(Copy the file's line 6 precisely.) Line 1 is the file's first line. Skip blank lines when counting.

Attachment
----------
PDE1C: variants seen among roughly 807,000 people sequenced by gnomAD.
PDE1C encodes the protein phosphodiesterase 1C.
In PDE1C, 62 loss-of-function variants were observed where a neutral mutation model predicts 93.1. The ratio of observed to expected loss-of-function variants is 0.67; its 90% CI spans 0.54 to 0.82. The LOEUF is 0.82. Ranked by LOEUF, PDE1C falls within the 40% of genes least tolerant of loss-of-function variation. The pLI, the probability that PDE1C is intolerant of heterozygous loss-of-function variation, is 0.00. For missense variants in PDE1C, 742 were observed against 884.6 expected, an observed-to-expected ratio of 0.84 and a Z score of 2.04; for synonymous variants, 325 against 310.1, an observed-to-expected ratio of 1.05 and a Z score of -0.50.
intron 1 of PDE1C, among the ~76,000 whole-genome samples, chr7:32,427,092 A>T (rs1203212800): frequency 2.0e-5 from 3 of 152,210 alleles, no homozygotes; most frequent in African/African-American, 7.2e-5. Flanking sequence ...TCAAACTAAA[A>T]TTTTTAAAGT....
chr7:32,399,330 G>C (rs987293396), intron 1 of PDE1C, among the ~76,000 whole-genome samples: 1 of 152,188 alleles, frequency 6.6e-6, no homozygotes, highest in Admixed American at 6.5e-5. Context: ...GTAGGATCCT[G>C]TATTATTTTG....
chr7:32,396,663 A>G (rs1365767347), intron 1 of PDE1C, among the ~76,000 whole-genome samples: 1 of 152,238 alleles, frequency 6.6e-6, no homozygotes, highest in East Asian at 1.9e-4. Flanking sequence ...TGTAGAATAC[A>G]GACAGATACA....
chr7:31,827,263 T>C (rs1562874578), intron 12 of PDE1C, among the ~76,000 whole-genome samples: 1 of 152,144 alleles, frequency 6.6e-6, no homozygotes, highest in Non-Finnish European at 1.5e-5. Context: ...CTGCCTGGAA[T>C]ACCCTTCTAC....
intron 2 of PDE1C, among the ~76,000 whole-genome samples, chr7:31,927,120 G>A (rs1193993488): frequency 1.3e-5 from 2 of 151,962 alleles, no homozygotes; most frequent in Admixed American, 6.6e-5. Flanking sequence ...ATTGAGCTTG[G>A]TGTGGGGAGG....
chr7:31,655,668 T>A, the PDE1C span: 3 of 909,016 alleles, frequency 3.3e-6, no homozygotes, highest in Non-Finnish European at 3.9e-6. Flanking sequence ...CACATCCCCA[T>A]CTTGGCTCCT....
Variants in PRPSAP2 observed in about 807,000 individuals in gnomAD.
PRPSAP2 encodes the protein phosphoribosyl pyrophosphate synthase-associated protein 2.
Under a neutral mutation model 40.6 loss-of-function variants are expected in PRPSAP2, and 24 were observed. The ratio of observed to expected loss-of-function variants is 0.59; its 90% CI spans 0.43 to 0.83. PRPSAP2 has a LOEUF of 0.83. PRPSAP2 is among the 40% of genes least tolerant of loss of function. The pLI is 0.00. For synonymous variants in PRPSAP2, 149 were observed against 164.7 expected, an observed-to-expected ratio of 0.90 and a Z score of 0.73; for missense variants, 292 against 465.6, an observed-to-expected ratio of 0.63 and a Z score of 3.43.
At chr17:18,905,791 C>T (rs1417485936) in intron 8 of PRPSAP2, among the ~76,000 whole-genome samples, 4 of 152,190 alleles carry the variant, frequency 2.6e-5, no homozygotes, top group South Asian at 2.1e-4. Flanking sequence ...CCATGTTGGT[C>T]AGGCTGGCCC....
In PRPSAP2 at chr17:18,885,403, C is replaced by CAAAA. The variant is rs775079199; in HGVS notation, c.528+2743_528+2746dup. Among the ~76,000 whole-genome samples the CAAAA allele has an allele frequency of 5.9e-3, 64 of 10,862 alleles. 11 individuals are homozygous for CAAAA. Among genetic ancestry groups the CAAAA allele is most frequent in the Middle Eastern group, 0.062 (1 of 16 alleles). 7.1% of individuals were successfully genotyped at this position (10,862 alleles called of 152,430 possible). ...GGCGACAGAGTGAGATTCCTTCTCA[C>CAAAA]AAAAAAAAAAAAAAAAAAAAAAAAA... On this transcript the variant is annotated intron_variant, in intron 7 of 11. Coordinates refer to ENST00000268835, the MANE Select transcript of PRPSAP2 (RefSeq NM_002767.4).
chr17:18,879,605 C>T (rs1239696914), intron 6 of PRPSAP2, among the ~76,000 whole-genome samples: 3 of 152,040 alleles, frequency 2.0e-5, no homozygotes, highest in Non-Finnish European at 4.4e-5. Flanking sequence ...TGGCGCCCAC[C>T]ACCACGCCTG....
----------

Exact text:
chr7:32,396,663 A>G (rs1365767347), intron 1 of PDE1C, among the ~76,000 whole-genome samples: 1 of 152,238 alleles, frequency 6.6e-6, no homozygotes, highest in East Asian at 1.9e-4. Flanking sequence ...TGTAGAATAC[A>G]GACAGATACA....